macOS High Sierra Logs External Volume Passwords in Plaintext
In macOS High Sierra, the passwords used for Apple File System (APFS)-encrypted external drives are logged and kept in on-disk log files, a security researcher has discovered.
The APFS file system was introduced by Apple with the release of macOS High Sierra and is automatically applied to the startup volume when the platform High Sierra is installed on a computer with a solid-state drive (SSD).
According to Apple, APFS provides strong encryption, fast directory sizing, space sharing, and improved file system fundamentals.
The newly discovered vulnerability, Sarah Edwards reveals, impacts macOS 10.13 platform versions. Initially found when creating a new APFS volume, the bug appears to occur when encrypting previously created but unencrypted volumes as well.
What the expert observed was that the password used for a newly created APFS-formatted FileVault Encrypted USB drive via Disk Utility could be found in unified logs in plaintext.
“The newfs_apfs command can take a passphrase as a parameter using the mostly undocumented “-S” flag. It is not documented in the man page. However when run without parameters, it will show it,” Edwards notes.
The vulnerability was initially discovered on a system running macOS High Sierra 10.13.1. To reproduce it, one would have to create a “clean” flash drive using Disk Utility.app.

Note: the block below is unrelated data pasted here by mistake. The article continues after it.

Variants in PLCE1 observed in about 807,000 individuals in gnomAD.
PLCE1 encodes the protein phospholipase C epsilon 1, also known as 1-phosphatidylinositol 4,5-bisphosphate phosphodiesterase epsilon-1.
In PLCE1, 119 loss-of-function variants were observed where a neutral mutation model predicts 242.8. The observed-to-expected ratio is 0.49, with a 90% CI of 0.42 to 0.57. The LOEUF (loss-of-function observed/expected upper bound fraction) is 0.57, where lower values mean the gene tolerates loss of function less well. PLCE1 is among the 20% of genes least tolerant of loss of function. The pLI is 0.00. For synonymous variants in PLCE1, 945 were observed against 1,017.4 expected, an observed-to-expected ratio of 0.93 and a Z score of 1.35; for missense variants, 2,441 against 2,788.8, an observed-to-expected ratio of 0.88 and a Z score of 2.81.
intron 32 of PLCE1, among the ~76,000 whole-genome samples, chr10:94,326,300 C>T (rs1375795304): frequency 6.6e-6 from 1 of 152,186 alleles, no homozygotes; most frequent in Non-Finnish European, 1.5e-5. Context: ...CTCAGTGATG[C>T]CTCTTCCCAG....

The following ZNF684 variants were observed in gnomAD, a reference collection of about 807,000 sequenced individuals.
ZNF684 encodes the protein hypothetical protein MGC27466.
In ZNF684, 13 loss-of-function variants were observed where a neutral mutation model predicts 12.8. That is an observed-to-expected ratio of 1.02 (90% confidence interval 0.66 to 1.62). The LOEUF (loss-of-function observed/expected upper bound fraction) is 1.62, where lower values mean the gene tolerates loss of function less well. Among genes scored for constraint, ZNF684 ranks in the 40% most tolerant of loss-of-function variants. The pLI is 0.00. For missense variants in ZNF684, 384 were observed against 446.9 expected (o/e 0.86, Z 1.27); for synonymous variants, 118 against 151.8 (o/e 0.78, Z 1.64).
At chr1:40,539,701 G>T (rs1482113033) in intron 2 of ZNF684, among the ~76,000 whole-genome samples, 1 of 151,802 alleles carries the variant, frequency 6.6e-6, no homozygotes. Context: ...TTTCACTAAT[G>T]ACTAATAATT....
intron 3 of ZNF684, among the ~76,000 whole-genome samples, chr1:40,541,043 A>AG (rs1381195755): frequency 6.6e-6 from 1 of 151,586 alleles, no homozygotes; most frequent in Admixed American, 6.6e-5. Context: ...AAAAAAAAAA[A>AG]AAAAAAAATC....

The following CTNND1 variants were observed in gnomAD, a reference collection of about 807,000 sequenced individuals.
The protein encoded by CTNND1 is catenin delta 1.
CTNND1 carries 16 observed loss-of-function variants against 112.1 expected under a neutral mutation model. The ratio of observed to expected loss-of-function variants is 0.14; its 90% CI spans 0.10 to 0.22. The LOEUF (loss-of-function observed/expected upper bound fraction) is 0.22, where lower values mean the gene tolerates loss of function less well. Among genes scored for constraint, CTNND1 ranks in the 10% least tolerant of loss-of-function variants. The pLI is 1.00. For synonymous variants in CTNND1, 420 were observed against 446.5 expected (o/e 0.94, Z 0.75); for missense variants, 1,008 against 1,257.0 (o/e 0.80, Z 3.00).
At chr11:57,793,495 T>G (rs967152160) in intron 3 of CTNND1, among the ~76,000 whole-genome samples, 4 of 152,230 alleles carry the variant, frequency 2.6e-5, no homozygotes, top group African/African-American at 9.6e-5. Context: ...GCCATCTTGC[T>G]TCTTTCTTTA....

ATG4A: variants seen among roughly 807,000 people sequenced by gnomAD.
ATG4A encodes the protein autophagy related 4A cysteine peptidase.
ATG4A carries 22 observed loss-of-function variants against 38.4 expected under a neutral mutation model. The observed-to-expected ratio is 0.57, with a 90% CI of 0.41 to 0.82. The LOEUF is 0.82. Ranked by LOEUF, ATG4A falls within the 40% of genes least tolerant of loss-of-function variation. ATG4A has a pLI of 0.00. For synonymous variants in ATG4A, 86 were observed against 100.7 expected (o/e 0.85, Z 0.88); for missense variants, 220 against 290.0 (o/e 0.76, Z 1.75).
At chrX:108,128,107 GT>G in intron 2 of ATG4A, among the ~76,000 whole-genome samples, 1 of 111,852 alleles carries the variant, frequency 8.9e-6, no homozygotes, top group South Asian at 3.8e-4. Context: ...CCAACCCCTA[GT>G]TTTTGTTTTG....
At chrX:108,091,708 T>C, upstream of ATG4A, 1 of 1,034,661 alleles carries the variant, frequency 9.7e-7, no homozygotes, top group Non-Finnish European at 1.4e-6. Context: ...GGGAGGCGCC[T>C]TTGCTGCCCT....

The researcher formatted the drive “Mac OS Extended (Journaled),” but the issue appears with other base formats as well.
Next, one would have to create an Encrypted APFS volume on the drive, using the menu option “Erase” and wait for the process to complete.
Keeping an eye on the unified logs in the Terminal while the operation is being performed reveals the selected password in plaintext.
The issue appears to have been fixed in High Sierra 10.13.2, but only for newly created volumes. Thus, the vulnerability can still be triggered when encrypting an already existing unencrypted APFS volume in macOS 10.13.3, the researcher says.
By exploiting this issue, an attacker could view the encryption password of encrypted APFS external volumes on USB drives, portable hard disks, and other external drives.
In October last year, a developer in Brazil discovered that macOS High Sierra leaked the passwords for encrypted APFS volumes via the password hint. The developer discovered the bug after using the Disk Utility to add a new encrypted APFS volume to the container.
Ionut Arghire is an international correspondent for SecurityWeek.